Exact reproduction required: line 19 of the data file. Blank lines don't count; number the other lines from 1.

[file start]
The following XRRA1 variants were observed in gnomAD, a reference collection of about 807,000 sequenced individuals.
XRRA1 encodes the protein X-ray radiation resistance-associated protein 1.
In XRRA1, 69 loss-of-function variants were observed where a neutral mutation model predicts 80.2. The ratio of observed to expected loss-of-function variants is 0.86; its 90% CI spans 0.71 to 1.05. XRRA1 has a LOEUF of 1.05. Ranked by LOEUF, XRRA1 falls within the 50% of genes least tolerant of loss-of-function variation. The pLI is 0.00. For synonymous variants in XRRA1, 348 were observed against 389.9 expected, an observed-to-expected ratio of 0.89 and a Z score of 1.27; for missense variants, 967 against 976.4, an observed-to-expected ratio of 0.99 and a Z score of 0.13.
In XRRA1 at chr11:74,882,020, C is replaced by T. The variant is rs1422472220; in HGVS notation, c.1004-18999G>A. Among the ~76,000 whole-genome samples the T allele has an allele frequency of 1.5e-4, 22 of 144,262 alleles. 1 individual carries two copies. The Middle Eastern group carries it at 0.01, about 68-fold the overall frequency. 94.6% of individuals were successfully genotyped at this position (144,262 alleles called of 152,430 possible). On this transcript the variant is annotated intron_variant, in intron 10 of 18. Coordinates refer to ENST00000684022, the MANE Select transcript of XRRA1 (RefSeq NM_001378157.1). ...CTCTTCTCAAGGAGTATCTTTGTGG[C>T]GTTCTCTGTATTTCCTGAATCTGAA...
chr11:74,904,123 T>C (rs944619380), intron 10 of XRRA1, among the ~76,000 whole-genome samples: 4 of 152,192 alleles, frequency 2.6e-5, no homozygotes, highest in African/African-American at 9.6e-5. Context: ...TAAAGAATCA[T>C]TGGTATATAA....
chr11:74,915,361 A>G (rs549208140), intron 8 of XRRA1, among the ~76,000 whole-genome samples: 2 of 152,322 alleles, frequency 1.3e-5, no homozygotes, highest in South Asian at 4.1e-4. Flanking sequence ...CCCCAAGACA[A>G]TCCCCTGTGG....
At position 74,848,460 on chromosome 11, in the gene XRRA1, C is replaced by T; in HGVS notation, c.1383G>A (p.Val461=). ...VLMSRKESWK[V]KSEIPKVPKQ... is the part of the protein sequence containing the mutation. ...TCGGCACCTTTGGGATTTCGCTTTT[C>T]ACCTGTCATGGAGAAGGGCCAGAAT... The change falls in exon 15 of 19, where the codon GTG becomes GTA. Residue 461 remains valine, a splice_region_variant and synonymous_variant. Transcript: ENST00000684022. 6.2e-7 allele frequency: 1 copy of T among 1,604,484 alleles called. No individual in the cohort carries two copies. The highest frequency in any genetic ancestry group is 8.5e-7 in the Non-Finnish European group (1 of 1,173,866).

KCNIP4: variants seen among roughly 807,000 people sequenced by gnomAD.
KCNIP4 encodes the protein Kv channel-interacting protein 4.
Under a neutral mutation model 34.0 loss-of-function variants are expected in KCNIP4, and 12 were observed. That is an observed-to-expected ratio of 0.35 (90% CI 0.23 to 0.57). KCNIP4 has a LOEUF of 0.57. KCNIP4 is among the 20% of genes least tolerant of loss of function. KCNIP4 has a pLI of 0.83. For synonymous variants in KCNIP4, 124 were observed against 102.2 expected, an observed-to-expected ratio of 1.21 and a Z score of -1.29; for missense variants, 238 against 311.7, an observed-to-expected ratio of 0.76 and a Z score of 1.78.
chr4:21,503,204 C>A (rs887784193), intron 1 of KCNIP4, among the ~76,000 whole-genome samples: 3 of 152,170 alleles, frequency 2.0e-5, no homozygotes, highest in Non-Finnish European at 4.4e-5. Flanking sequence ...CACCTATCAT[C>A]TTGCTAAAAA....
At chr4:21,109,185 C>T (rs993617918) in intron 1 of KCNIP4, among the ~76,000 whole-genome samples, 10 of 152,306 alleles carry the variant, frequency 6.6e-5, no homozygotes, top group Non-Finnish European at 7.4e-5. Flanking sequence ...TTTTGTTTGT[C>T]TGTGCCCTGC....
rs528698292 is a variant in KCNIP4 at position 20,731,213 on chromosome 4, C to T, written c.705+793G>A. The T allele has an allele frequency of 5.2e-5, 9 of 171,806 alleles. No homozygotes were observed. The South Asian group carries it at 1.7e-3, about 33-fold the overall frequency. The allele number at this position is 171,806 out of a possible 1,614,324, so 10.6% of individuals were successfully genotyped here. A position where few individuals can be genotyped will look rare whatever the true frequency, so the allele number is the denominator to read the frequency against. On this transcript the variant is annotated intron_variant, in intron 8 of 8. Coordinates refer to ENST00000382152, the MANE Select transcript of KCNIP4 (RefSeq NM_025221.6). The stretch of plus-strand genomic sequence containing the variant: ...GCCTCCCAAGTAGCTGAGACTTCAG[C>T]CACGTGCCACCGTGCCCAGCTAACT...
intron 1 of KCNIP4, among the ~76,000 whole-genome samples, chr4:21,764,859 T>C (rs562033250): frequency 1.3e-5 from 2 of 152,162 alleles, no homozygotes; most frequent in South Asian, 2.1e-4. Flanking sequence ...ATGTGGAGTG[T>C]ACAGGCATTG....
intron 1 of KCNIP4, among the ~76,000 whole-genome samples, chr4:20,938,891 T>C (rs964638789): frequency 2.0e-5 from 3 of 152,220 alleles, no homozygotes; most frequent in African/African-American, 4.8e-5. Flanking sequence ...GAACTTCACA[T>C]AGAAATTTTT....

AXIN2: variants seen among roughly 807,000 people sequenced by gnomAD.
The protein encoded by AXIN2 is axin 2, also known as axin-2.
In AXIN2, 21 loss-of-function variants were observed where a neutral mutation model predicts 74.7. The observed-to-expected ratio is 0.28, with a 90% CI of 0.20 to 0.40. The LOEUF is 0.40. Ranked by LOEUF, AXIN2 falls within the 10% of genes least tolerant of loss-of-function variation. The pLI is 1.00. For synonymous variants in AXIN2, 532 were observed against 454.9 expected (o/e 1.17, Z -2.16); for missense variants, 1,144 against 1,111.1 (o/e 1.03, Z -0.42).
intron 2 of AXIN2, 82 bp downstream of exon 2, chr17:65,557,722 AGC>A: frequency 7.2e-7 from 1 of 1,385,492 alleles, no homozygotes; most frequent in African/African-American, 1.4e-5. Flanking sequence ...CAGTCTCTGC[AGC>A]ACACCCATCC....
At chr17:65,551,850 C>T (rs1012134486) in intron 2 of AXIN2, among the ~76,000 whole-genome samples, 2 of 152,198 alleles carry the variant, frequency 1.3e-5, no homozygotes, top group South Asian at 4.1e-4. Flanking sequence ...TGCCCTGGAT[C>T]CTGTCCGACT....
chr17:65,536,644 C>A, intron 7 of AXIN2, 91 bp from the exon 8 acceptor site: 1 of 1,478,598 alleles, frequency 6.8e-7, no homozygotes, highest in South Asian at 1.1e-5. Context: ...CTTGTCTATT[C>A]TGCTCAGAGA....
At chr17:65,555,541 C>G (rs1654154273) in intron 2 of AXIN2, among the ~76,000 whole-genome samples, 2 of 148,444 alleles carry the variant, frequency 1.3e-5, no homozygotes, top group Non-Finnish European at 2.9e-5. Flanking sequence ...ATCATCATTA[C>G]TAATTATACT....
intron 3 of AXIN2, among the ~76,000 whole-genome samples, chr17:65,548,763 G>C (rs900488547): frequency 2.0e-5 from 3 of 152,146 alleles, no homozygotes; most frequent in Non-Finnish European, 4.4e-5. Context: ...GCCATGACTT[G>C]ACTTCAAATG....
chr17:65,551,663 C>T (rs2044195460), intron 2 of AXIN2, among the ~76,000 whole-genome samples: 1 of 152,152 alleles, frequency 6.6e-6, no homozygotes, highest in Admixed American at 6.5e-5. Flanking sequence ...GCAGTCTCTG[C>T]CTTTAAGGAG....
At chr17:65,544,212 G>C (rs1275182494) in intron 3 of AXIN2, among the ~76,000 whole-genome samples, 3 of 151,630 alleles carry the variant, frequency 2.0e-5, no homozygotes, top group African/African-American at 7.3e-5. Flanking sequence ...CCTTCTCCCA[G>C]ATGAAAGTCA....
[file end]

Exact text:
intron 2 of AXIN2, 82 bp downstream of exon 2, chr17:65,557,722 AGC>A: frequency 7.2e-7 from 1 of 1,385,492 alleles, no homozygotes; most frequent in African/African-American, 1.4e-5. Flanking sequence ...CAGTCTCTGC[AGC>A]ACACCCATCC....